0115 966 7955 Today's Opening Times 10:00 - 20:00 (GMT)
Place an Order
Instant price

Struggling with your work?

Get it right the first time & learn smarter today

Place an Order
Banner ad for Viper plagiarism checker

Problem Solving Approaches to Business Concept

Disclaimer: This work has been submitted by a student. This is not an example of the work written by our professional academic writers. You can view samples of our professional work here.

Any opinions, findings, conclusions or recommendations expressed in this material are those of the authors and do not necessarily reflect the views of UK Essays.

Published: Wed, 13 Sep 2017

Meeting was held to discuss the implementation of personalised bookings for drivers. Personalised bookings are being considered as an extension of the current system due to the imminent arrival of Uber in the Cairns area.

The idea is to allow driver to take and advise of bookings that customers request for them to perform due to the high standard of customer service provided by that driver. Doing nothing has no extra benefit to our service levels and could even damage the company when compared to our competitor, however allowing this service not only improves the community perception of the taxi industry but also improves the moral and ability of the drivers, thus improving the overall customer service levels of the taxi industry in the Cairns area.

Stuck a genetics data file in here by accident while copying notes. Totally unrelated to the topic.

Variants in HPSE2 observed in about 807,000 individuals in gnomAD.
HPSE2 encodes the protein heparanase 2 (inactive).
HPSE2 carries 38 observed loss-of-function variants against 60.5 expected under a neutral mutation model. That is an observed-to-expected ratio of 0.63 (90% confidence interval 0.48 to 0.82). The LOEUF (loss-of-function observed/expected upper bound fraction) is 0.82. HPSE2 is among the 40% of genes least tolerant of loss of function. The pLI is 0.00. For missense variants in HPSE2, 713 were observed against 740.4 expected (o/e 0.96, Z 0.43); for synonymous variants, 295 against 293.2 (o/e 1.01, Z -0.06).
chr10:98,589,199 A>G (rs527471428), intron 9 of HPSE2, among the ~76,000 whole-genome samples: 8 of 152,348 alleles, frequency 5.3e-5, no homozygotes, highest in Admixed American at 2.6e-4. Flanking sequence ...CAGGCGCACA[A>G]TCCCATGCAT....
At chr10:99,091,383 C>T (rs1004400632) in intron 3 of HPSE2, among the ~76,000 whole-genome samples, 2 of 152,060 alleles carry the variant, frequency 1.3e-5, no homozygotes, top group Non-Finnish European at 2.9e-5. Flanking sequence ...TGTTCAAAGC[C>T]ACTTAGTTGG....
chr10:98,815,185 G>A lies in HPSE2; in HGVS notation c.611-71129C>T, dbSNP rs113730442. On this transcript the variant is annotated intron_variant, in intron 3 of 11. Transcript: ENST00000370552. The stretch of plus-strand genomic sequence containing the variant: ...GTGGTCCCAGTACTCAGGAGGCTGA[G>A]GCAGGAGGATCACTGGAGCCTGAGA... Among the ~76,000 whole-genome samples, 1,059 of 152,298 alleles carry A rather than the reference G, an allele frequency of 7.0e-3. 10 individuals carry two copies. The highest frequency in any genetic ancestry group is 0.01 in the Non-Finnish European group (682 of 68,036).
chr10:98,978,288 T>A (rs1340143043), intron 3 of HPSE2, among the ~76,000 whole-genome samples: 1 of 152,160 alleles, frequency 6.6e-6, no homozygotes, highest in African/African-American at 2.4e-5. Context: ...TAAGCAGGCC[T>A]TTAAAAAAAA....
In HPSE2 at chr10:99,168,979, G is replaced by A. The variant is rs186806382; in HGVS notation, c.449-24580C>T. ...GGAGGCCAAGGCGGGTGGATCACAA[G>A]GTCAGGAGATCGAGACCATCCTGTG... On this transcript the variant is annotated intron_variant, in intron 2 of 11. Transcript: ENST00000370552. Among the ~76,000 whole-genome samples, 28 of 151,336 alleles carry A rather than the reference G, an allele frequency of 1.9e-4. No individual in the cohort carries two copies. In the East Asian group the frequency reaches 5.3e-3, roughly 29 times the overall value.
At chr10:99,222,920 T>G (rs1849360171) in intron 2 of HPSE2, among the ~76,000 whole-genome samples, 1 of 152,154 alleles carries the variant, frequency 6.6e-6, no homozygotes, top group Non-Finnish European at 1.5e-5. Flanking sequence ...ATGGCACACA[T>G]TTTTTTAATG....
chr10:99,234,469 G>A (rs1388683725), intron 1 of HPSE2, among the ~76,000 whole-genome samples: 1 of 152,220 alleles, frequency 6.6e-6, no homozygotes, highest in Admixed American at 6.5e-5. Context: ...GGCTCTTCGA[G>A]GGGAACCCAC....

The more personalised the experience in a taxi, the more valued the customer feels. This in turn increases the customer’s use of the product on offer. If customers are not feeling recognised or appreciated, or things are not clear, then they will leave and go to our competitor (Earls 2017, pp 28).

Nature of problems

The problems faced by personalised bookings appear to be challenges that are complex series of features woven together interdependently. Professor Horst Rittel of the University of California suggested that the term “wicked problem” refers to that style of problem which is ill-formulated, where the information is confusing, where there are many decision makers with conflicting values, and where the ramifications in the whole system are thoroughly confusing. Rittel suggests decision makers often make various attempts to “tame” these wicked problems. Sometimes, it consists of “carving off” a piece of the problem and finding a rational and feasible solution to this piece (Churchman 1967, pp 141).